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APHIS Lists Approved Chinese Wooden Handicraft Manufacturers

International Trade Today is providing a list obtained from the Animal and Plant Health Inspection Service of approved manufacturers of wooden handicrafts in China. Under regulations issued in 2012 by APHIS, wooden handcrafts from China made with twigs with bark of a diameter of over 1 centimeter or more are subject to treatment requirements (see 12030122). Fumigation by approved facilities may be used to satisfy the requirements if the twigs with bark have a diameter of less than 6 centimeters. "By the utilization of an approved facility, the U.S. importer is only responsible for obtaining an import permit and submitting a Lacey Act declaration to make entry,” an APHIS spokeswoman said. The list is current as of Feb. 28, 2017.

Fumigator certifications are tied to the production facility, the spokeswoman said. For importers to make entry, they need to use one of the approved manufacturers on the list provided by APHIS. “The manufacturers have treatments performed by a fumigator under Chinese Inspection and Quarantine Service (CIQ) supervision. Companies must import from one of the approved manufacturers to make legal entry into the U.S.,” she said. APHIS lays out requirements for importing wood handicrafts from China in its Miscellaneous and Processed Products Import Manual (here).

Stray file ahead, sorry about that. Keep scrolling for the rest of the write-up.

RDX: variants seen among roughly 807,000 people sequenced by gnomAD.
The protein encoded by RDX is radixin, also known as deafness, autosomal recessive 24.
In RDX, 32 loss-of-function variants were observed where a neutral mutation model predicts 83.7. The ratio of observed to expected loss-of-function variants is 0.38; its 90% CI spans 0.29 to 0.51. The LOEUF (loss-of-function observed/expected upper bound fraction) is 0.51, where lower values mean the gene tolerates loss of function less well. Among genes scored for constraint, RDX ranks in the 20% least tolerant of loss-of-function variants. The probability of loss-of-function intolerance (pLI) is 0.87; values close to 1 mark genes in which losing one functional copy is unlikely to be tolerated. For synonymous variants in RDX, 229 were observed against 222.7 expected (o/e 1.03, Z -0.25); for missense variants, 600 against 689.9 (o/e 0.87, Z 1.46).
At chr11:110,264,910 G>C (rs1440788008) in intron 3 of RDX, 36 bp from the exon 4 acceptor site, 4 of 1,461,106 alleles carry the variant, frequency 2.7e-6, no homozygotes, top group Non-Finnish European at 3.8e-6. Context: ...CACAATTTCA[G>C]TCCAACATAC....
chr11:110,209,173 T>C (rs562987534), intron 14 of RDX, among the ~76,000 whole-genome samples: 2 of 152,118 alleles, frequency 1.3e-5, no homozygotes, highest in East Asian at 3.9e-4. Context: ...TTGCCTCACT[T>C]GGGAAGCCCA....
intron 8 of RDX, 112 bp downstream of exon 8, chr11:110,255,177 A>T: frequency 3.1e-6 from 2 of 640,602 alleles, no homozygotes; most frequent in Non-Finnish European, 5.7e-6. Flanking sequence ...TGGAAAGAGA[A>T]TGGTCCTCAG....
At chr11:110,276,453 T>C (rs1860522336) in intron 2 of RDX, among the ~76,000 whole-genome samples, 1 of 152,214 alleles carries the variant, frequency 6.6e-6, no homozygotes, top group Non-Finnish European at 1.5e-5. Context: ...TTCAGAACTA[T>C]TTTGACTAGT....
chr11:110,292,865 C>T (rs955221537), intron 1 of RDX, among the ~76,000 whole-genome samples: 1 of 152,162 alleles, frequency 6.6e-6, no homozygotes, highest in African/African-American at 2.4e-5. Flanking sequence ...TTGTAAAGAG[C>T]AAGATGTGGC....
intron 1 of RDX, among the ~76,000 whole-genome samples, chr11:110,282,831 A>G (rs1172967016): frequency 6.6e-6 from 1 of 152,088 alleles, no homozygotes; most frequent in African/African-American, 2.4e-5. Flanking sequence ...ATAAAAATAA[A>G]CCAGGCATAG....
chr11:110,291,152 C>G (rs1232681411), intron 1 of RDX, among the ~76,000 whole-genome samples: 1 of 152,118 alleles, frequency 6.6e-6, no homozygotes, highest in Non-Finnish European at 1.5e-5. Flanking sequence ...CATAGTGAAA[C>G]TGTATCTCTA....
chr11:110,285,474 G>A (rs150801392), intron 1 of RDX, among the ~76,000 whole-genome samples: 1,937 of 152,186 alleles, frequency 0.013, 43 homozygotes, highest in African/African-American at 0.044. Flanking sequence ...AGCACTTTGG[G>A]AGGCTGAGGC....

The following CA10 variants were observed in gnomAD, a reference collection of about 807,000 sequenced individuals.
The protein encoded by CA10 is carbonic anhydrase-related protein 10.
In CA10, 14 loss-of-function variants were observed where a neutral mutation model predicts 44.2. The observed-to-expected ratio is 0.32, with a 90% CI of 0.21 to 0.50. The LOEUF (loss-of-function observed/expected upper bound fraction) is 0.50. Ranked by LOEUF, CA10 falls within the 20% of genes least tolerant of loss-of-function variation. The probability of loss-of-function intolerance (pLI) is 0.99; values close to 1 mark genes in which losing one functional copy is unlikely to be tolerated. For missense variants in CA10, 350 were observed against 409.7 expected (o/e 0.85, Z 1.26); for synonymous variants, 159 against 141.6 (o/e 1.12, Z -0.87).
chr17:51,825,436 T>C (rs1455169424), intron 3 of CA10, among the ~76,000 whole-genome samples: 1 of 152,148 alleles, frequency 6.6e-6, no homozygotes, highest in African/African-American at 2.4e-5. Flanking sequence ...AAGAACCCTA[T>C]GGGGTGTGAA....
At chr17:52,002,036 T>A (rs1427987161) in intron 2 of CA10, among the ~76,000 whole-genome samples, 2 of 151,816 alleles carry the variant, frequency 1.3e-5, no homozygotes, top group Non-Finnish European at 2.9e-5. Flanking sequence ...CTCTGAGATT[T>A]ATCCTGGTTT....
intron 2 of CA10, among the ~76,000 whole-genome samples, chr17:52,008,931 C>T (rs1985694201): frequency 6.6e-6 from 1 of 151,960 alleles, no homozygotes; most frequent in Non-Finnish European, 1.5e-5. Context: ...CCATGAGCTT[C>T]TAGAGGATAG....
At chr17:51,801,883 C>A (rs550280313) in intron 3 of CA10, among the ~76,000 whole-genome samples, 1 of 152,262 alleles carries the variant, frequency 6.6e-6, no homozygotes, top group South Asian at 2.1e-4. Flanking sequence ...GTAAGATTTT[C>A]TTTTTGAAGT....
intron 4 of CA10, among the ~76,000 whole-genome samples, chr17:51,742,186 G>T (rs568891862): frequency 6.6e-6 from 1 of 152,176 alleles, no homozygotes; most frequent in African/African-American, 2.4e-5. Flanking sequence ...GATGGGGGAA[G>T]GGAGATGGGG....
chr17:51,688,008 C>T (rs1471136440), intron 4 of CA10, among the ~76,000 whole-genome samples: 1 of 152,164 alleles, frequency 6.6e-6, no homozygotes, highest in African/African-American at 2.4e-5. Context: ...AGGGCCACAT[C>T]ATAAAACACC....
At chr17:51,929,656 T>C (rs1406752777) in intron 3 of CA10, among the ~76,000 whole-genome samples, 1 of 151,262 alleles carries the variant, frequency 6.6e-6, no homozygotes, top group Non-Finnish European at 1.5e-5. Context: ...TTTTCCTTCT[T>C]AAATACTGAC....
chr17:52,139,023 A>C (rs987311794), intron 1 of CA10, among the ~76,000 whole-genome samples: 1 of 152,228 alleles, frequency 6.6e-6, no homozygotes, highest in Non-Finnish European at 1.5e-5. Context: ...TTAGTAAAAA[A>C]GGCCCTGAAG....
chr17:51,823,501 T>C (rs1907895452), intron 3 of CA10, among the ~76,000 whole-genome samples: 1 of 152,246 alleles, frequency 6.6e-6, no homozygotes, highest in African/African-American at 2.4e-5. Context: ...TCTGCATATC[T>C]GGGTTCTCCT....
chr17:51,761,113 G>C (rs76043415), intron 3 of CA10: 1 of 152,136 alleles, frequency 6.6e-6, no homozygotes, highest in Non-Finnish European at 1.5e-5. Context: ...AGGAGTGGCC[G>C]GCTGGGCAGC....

The requirements for importation of wooden handicrafts from China are meant to address pest concerns following detections of insects related to the Asian longhorn beetle, the spokeswoman said. APHIS had banned the importation of Chinese-origin wooden handicrafts “based on 303 recalls from 2003 to 2005,” she said. APHIS worked with industry, China and CBP beginning in 2009 before issuing its final rule in 2012 and developing a work plan to address pest concerns in 2013. “The workplan defined the requirements for importing wooden handicrafts from China, including processing provisions and treatments (such as fumigation),” the spokeswoman said. “Minimal processing, such as cleaning to remove soil, twigs, or leaves; rough sawing; or rough shaping to give a rustic appearance are not enough to eliminate wood boring pests.”

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